Using the Operations Database
In this section, the book addes new objects to the model.

  • ExpectationType - paired with an ObservationType.  It defines the characteristics of an Expectation.
  • Expectation - an allowed range, time frame, acceptable status, deadline, etc.  Anything that is "normal" and expected for a particular metric.  A violation will trigger an alert.  You can use historical data to fine tune these values.
    Make sure to keep the OpsDB in top shape.  Letting cruft build up will slow it down and stress your system.
Supporting Processes
You need an effective feedback mechanism or collecting and reporting this data is waste of money.

Keys to Observation:
  • Every week, review the past week’s problem tickets. Look for recurring problems and those that consume the most time. Look for particular subsystems that cause a lot of problems or a development team (if there is more than one). Look for problems related to a particular third party or integration point.
  • Every month, look at the total volume of problems. Consider the distribution of problem types. The overall trend should be a decrease in severity as serious problems are corrected. There should also be an overall decrease in volume. (There will be a sawtooth pattern as new code releases introduce new problems.)
  • Either daily or weekly, look for exceptions and stack traces in log files. Correlate these to find the most common sources of exceptions. Consider whether these indicate serious problems or just gaps in the code’s error handling.
  • Review help desk calls for common issues. The can point toward user interface improvements as well as places the system needs to be more robust.
  • If there are too many tickets and help desk calls to review thoroughly, look for the top categories. Also sample tickets randomly to find the things that make you go “hmmm.”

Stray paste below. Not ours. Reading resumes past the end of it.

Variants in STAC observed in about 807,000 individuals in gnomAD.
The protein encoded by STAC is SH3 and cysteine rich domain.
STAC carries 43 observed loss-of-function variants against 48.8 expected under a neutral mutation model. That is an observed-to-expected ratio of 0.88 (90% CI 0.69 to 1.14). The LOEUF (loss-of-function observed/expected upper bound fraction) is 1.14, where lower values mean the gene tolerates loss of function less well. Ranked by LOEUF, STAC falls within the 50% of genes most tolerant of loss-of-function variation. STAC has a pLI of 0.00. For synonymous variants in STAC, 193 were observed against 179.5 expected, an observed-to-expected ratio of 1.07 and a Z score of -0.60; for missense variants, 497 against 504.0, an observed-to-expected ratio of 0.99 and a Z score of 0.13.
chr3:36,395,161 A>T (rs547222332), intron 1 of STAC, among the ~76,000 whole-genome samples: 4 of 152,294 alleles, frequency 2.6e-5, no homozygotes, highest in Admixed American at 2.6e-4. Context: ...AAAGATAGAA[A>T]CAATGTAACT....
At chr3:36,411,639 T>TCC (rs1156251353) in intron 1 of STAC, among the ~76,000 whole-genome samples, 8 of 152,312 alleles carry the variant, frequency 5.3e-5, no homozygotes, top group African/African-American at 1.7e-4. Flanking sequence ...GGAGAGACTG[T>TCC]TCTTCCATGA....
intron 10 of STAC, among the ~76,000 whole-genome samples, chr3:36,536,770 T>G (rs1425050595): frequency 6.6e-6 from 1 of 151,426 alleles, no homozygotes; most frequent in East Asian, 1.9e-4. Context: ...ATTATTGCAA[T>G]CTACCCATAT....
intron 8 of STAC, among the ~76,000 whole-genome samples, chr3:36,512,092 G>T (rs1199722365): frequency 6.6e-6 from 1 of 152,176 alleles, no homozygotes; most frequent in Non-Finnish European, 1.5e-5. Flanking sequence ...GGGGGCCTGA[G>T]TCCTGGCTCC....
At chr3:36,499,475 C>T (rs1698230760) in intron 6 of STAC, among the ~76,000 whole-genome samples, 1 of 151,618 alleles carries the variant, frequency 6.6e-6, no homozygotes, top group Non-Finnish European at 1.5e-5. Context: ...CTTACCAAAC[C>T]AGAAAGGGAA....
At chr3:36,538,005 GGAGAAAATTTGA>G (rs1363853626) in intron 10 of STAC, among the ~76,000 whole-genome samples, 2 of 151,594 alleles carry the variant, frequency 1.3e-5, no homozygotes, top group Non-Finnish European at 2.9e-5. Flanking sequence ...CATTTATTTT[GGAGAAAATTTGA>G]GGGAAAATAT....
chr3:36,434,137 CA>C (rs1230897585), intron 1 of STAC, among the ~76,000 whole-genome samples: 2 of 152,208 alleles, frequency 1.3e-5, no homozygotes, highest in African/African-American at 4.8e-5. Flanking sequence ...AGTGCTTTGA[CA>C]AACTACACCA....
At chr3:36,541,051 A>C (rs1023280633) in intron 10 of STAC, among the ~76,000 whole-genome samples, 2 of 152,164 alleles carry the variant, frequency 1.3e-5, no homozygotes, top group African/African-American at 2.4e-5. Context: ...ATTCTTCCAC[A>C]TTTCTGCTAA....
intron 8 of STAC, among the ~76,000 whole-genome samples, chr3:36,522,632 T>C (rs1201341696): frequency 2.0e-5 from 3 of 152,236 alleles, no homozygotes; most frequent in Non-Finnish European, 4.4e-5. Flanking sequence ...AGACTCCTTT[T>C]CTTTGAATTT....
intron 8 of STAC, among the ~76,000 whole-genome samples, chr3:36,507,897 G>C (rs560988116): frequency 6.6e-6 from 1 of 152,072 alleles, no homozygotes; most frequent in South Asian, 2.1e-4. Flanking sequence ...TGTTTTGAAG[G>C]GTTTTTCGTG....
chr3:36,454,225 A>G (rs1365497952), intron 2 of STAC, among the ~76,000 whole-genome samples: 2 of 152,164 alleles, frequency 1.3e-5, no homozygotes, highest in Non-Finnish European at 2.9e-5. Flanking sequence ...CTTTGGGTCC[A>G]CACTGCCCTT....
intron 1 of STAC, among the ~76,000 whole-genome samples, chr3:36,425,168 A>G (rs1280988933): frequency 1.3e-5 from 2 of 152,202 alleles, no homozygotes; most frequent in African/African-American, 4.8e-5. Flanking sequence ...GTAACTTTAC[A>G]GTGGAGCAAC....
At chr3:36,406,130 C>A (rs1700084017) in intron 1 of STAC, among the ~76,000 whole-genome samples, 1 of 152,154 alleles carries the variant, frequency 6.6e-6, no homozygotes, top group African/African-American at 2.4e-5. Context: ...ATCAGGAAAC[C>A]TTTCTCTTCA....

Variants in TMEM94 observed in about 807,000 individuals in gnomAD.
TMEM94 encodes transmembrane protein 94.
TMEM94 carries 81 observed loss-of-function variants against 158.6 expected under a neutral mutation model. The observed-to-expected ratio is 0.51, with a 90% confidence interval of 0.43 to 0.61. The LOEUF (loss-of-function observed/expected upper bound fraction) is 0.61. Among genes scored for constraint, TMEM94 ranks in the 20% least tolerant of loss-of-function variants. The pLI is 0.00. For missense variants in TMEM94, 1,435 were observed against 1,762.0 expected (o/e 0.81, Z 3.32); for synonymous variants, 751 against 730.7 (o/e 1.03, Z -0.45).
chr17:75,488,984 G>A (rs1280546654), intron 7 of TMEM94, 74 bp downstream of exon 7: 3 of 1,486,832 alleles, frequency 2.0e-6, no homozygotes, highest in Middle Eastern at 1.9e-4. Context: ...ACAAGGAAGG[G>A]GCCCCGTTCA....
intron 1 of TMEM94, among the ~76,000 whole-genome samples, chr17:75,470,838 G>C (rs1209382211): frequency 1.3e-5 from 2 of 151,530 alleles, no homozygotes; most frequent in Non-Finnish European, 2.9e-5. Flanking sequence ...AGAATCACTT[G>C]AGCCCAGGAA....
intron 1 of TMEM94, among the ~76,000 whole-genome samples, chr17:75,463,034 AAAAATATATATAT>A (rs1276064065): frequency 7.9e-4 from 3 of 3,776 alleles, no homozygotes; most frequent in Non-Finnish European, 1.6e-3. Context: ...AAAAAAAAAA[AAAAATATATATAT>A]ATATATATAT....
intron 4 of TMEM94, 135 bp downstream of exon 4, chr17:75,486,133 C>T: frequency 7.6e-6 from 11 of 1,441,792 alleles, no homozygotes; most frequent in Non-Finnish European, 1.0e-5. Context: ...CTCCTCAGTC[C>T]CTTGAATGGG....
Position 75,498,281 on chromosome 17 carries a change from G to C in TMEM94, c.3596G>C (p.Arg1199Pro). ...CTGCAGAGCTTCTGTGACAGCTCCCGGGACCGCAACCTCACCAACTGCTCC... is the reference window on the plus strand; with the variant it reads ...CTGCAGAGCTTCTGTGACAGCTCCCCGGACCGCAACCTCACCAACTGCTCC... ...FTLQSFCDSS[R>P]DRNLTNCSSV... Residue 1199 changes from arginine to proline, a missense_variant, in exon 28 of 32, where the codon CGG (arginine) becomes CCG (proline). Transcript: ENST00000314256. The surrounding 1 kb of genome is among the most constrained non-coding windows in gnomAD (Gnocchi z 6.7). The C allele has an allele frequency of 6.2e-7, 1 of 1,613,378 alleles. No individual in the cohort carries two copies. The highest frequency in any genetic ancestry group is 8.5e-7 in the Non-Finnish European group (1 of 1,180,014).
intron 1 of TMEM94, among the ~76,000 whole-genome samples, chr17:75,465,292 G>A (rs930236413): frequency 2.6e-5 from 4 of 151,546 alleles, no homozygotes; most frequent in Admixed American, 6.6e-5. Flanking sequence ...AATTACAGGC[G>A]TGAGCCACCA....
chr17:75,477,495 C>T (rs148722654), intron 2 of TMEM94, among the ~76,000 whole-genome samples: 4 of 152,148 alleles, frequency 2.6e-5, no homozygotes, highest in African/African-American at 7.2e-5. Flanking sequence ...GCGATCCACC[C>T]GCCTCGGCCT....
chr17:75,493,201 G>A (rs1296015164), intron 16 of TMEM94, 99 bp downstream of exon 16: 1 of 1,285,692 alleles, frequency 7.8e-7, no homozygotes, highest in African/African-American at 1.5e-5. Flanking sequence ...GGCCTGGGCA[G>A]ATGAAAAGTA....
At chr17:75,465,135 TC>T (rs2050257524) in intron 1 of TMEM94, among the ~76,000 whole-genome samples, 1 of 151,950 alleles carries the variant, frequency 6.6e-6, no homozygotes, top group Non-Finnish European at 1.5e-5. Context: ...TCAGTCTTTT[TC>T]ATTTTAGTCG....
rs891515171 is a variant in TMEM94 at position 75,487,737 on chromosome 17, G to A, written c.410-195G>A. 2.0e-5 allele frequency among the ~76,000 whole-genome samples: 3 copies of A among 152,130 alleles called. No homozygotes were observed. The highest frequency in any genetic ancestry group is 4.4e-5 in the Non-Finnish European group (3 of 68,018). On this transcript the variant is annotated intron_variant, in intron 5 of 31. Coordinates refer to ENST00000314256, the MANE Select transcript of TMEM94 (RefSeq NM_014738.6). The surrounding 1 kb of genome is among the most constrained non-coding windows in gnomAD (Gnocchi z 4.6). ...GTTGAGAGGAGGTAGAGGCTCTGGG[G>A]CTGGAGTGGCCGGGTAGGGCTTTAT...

• Every four to six months, recheck that old correlations still hold true.
  • At least monthly, look at data volumes and query statistics.
  • Check the database server for the most expensive queries. Have the query plans changed for any of these? Has a new query hit the most expensive list? Either of these changes could indicate an accumulation of data somewhere. Do any of the most common queries cause a table scan? That probably indicates a missing index.
  • Look at the daily and weekly envelope of demand (driving variables) and system metrics. Are traffic patterns changing? If you suddenly see that a popular time is dropping in popularity, it probably indicates that the system is too slow at those times. Is there a plateau in the driving variables? That indicates some limiting factor, probably responsiveness of the system.
    If a metric stops being useful, stop tracking it.  The system keeps changing and so must your view into it.
For each metric being reviewed, consider each of the following. How does it compare to the historical norms? (This is easy if the OpsDb has enough data to start forming expectations.) If the metrics continues its recent trend, what happens to other correlated metrics? How long could the trend continue—what limiting factor will kick in? What will result from that limiting factor?

I wonder if somebody has already written the code to implement this model?

No comments:

Post a Comment